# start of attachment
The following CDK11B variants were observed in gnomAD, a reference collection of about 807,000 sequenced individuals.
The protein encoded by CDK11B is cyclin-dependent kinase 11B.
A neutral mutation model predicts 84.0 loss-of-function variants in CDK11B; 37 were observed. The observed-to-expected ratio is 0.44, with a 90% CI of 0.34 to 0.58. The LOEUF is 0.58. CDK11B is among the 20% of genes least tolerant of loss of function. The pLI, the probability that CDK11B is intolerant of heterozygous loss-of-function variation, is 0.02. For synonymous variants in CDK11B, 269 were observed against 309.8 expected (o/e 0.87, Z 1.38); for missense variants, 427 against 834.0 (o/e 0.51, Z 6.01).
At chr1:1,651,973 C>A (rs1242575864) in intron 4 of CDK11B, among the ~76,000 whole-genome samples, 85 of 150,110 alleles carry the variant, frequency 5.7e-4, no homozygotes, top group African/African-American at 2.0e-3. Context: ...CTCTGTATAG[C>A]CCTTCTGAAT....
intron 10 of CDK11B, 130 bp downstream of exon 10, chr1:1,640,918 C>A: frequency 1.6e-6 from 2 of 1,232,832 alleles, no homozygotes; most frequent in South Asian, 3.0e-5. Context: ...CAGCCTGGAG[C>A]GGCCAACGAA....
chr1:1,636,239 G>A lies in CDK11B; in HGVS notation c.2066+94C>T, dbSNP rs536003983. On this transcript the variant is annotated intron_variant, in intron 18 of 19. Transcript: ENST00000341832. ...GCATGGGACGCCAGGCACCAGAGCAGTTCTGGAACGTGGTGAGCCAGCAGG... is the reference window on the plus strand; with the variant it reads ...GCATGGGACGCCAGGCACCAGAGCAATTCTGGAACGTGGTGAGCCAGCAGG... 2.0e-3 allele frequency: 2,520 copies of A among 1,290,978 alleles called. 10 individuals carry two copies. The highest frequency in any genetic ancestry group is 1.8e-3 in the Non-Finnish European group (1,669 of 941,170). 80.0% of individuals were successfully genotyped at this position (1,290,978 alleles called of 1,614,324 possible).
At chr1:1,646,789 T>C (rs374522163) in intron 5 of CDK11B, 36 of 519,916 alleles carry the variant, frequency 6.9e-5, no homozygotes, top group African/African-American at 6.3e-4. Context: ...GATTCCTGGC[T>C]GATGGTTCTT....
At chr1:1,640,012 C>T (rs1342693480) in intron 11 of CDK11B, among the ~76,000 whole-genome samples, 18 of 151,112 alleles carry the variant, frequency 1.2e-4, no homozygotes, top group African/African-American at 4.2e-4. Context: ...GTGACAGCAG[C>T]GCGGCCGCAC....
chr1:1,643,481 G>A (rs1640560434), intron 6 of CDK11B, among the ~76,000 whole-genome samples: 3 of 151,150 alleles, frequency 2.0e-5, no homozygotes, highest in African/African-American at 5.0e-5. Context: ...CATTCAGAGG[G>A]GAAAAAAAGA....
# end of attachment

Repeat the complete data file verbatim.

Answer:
The following CDK11B variants were observed in gnomAD, a reference collection of about 807,000 sequenced individuals.
The protein encoded by CDK11B is cyclin-dependent kinase 11B.
A neutral mutation model predicts 84.0 loss-of-function variants in CDK11B; 37 were observed. The observed-to-expected ratio is 0.44, with a 90% CI of 0.34 to 0.58. The LOEUF is 0.58. CDK11B is among the 20% of genes least tolerant of loss of function. The pLI, the probability that CDK11B is intolerant of heterozygous loss-of-function variation, is 0.02. For synonymous variants in CDK11B, 269 were observed against 309.8 expected (o/e 0.87, Z 1.38); for missense variants, 427 against 834.0 (o/e 0.51, Z 6.01).
At chr1:1,651,973 C>A (rs1242575864) in intron 4 of CDK11B, among the ~76,000 whole-genome samples, 85 of 150,110 alleles carry the variant, frequency 5.7e-4, no homozygotes, top group African/African-American at 2.0e-3. Context: ...CTCTGTATAG[C>A]CCTTCTGAAT....
intron 10 of CDK11B, 130 bp downstream of exon 10, chr1:1,640,918 C>A: frequency 1.6e-6 from 2 of 1,232,832 alleles, no homozygotes; most frequent in South Asian, 3.0e-5. Context: ...CAGCCTGGAG[C>A]GGCCAACGAA....
chr1:1,636,239 G>A lies in CDK11B; in HGVS notation c.2066+94C>T, dbSNP rs536003983. On this transcript the variant is annotated intron_variant, in intron 18 of 19. Transcript: ENST00000341832. ...GCATGGGACGCCAGGCACCAGAGCAGTTCTGGAACGTGGTGAGCCAGCAGG... is the reference window on the plus strand; with the variant it reads ...GCATGGGACGCCAGGCACCAGAGCAATTCTGGAACGTGGTGAGCCAGCAGG... 2.0e-3 allele frequency: 2,520 copies of A among 1,290,978 alleles called. 10 individuals carry two copies. The highest frequency in any genetic ancestry group is 1.8e-3 in the Non-Finnish European group (1,669 of 941,170). 80.0% of individuals were successfully genotyped at this position (1,290,978 alleles called of 1,614,324 possible).
At chr1:1,646,789 T>C (rs374522163) in intron 5 of CDK11B, 36 of 519,916 alleles carry the variant, frequency 6.9e-5, no homozygotes, top group African/African-American at 6.3e-4. Context: ...GATTCCTGGC[T>C]GATGGTTCTT....
At chr1:1,640,012 C>T (rs1342693480) in intron 11 of CDK11B, among the ~76,000 whole-genome samples, 18 of 151,112 alleles carry the variant, frequency 1.2e-4, no homozygotes, top group African/African-American at 4.2e-4. Context: ...GTGACAGCAG[C>T]GCGGCCGCAC....
chr1:1,643,481 G>A (rs1640560434), intron 6 of CDK11B, among the ~76,000 whole-genome samples: 3 of 151,150 alleles, frequency 2.0e-5, no homozygotes, highest in African/African-American at 5.0e-5. Context: ...CATTCAGAGG[G>A]GAAAAAAAGA....